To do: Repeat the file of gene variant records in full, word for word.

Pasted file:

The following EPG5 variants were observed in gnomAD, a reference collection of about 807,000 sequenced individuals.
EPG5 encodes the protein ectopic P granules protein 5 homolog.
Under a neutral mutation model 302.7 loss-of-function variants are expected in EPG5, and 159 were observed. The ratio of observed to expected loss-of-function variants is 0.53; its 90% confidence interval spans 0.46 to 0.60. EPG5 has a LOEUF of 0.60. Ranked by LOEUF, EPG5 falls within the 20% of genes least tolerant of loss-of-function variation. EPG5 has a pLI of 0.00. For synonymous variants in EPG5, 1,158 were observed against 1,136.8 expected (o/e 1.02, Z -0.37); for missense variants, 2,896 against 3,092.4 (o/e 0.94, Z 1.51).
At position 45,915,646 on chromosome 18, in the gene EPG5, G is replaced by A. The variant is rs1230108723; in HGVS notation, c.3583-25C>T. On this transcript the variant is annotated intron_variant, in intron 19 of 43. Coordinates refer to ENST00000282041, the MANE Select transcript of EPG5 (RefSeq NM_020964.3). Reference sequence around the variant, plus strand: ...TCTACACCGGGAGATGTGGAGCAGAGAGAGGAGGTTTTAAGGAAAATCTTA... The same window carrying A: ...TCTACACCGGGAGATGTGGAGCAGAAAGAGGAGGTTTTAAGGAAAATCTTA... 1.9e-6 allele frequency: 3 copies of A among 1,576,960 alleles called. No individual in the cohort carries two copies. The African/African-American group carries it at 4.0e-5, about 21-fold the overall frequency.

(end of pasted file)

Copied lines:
The following EPG5 variants were observed in gnomAD, a reference collection of about 807,000 sequenced individuals.
EPG5 encodes the protein ectopic P granules protein 5 homolog.
Under a neutral mutation model 302.7 loss-of-function variants are expected in EPG5, and 159 were observed. The ratio of observed to expected loss-of-function variants is 0.53; its 90% confidence interval spans 0.46 to 0.60. EPG5 has a LOEUF of 0.60. Ranked by LOEUF, EPG5 falls within the 20% of genes least tolerant of loss-of-function variation. EPG5 has a pLI of 0.00. For synonymous variants in EPG5, 1,158 were observed against 1,136.8 expected (o/e 1.02, Z -0.37); for missense variants, 2,896 against 3,092.4 (o/e 0.94, Z 1.51).
At position 45,915,646 on chromosome 18, in the gene EPG5, G is replaced by A. The variant is rs1230108723; in HGVS notation, c.3583-25C>T. On this transcript the variant is annotated intron_variant, in intron 19 of 43. Coordinates refer to ENST00000282041, the MANE Select transcript of EPG5 (RefSeq NM_020964.3). Reference sequence around the variant, plus strand: ...TCTACACCGGGAGATGTGGAGCAGAGAGAGGAGGTTTTAAGGAAAATCTTA... The same window carrying A: ...TCTACACCGGGAGATGTGGAGCAGAAAGAGGAGGTTTTAAGGAAAATCTTA... 1.9e-6 allele frequency: 3 copies of A among 1,576,960 alleles called. No individual in the cohort carries two copies. The African/African-American group carries it at 4.0e-5, about 21-fold the overall frequency.